Chapter 36. Manually Upgrading the Kernel

The Red Hat Enterprise Linux kernel is custom built by the Red Hat kernel team to ensure its integrity and compatibility with supported hardware. Before Red Hat releases a kernel, it must first pass a rigorous set of quality assurance tests.
Red Hat Enterprise Linux kernels are packaged in RPM format so that they are easy to upgrade and verify using the Red Hat User Agent, or the up2date command. The Red Hat User Agent automatically queries the Red Hat Network servers and determines which packages need to be updated on your machine, including the kernel. This chapter is only useful for those individuals that require manual updating of kernel packages, without using the up2date command.

Warning

Please note, that building a custom kernel is not supported by the Red Hat Global Services Support team, and therefore is not explored in this manual.

Tip

Use of up2date is highly recommended by Red Hat for installing upgraded kernels.
For more information on Red Hat Network, the Red Hat User Agent, and up2date, refer to Chapter 16, Red Hat Network.

36.1. Overview of Kernel Packages

Red Hat Enterprise Linux contains the following kernel packages (some may not apply to your architecture):
  • kernel — Contains the kernel and the following key features:
    • Uniprocessor support for x86 and Athlon systems (can be run on a multi-processor system, but only one processor is utilized)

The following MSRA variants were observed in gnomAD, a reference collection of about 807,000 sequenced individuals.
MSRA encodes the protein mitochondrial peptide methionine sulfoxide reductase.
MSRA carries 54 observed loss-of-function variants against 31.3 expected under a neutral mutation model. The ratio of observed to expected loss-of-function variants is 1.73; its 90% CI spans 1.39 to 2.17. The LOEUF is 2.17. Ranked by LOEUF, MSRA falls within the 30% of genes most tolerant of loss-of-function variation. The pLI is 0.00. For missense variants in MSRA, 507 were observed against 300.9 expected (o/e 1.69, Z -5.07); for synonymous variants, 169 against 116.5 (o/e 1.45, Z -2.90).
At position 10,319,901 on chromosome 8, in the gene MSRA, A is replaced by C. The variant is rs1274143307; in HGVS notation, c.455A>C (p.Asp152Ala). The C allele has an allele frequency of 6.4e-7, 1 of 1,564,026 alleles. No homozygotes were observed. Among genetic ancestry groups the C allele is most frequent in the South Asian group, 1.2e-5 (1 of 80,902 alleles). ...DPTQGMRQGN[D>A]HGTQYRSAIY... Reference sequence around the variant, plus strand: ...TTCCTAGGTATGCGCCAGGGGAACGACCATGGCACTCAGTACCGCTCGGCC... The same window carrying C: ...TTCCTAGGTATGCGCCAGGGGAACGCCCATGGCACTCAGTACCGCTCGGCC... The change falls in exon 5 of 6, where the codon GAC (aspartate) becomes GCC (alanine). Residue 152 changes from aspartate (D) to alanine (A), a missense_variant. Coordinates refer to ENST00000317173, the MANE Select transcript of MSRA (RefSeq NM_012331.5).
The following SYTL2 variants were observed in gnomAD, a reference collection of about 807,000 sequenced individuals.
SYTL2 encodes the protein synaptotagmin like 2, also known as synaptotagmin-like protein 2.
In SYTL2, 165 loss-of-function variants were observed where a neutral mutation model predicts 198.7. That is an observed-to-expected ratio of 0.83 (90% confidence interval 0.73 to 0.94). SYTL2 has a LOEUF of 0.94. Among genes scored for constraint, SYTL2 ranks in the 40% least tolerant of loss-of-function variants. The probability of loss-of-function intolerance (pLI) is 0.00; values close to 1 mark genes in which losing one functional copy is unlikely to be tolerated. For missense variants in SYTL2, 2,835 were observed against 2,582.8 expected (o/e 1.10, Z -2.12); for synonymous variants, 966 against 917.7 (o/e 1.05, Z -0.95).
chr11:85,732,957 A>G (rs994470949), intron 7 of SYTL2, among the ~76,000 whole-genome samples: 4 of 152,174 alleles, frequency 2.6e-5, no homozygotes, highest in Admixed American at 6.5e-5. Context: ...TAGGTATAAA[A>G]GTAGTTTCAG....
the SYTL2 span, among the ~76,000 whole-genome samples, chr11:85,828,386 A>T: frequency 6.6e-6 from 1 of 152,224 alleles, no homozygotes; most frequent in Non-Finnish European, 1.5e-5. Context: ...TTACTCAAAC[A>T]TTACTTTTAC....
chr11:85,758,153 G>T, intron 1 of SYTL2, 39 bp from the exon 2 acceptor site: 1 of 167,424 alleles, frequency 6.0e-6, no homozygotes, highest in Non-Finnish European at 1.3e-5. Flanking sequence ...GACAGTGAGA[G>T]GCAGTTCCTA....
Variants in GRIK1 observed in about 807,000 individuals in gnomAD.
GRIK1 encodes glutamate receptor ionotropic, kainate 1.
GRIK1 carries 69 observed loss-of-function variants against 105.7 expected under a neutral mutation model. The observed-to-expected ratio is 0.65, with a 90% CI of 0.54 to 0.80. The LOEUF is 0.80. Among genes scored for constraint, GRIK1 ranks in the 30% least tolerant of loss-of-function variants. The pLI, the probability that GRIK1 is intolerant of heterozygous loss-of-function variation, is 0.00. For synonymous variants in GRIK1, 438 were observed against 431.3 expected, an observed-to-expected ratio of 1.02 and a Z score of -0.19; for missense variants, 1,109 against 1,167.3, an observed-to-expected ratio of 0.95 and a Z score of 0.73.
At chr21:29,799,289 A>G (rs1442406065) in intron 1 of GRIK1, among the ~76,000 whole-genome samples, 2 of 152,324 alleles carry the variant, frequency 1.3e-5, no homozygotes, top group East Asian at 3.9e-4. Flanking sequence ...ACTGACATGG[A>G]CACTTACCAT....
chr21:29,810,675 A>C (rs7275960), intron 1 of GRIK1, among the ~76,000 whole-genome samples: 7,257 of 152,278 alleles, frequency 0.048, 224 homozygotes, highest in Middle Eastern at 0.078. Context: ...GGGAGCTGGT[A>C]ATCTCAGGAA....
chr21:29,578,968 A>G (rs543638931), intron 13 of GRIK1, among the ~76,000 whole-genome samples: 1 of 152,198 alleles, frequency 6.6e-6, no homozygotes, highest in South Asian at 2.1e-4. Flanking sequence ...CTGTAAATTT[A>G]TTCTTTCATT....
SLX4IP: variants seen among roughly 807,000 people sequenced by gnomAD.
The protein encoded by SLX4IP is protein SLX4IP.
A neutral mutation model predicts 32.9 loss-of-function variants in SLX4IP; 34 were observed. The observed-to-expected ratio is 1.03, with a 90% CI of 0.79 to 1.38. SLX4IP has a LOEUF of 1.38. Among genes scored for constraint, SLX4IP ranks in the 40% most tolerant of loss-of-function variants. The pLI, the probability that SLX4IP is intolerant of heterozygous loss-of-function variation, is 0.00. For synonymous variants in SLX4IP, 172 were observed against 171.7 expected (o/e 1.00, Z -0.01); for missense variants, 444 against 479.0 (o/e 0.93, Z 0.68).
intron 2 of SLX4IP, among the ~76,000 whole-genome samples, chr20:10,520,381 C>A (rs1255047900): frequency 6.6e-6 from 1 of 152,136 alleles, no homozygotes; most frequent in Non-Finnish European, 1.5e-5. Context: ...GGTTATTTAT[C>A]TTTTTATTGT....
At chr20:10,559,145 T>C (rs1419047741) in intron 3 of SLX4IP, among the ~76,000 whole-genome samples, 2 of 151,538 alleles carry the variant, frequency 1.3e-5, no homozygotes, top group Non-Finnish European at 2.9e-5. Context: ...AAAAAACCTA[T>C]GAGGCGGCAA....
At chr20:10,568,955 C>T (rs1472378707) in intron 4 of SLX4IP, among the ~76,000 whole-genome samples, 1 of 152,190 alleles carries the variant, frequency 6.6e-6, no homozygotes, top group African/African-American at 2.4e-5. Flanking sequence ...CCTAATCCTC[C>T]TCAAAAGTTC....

• Multi-processor support for all other architectures
    • For x86 systems, only the first 4 GB of RAM is used; use the kernel-hugemem package for x86 systems with over 4 GB of RAM
  • kernel-devel — Contains the kernel headers and makefiles sufficient to build modules against the kernel package.
  • kernel-hugemem — (only for i686 systems) In addition to the options enabled for the kernel package, the key configuration options are as follows:
    • Support for more than 4 GB of RAM (up to 64 GB for x86)

      Note

      kernel-hugemem is required for memory configurations higher than 16 GB.
    • PAE (Physical Address Extension) or 3 level paging on x86 processors that support PAE
    • Support for multiple processors
    • 4GB/4GB split — 4GB of virtual address space for the kernel and almost 4GB for each user process on x86 systems
  • kernel-hugemem-devel — Contains the kernel headers and makefiles sufficient to build modules against the kernel-hugemem package.
  • kernel-smp — Contains the kernel for multi-processor systems. The following are the key features:
    • Multi-processor support
    • Support for more than 4 GB of RAM (up to 16 GB for x86)
    • PAE (Physical Address Extension) or 3 level paging on x86 processors that support PAE
  • kernel-smp-devel — Contains the kernel headers and makefiles sufficient to build modules against the kernel-smp package.
  • kernel-utils — Contains utilities that can be used to control the kernel or system hardware.
  • kernel-doc — Contains documentation files from the kernel source. Various portions of the Linux kernel and the device drivers shipped with it are documented in these files. Installation of this package provides a reference to the options that can be passed to Linux kernel modules at load time.
    By default, these files are placed in the /usr/share/doc/kernel-doc-<version>/ directory.

Note

The kernel-source package has been removed and replaced with an RPM that can only be retrieved from Red Hat Network. This *.src.rpm must then be rebuilt locally using the rpmbuild command. Refer to the latest distribution Release Notes, including all updates, at https://www.redhat.com/docs/manuals/enterprise/ for more information on obtaining and installing the kernel source package.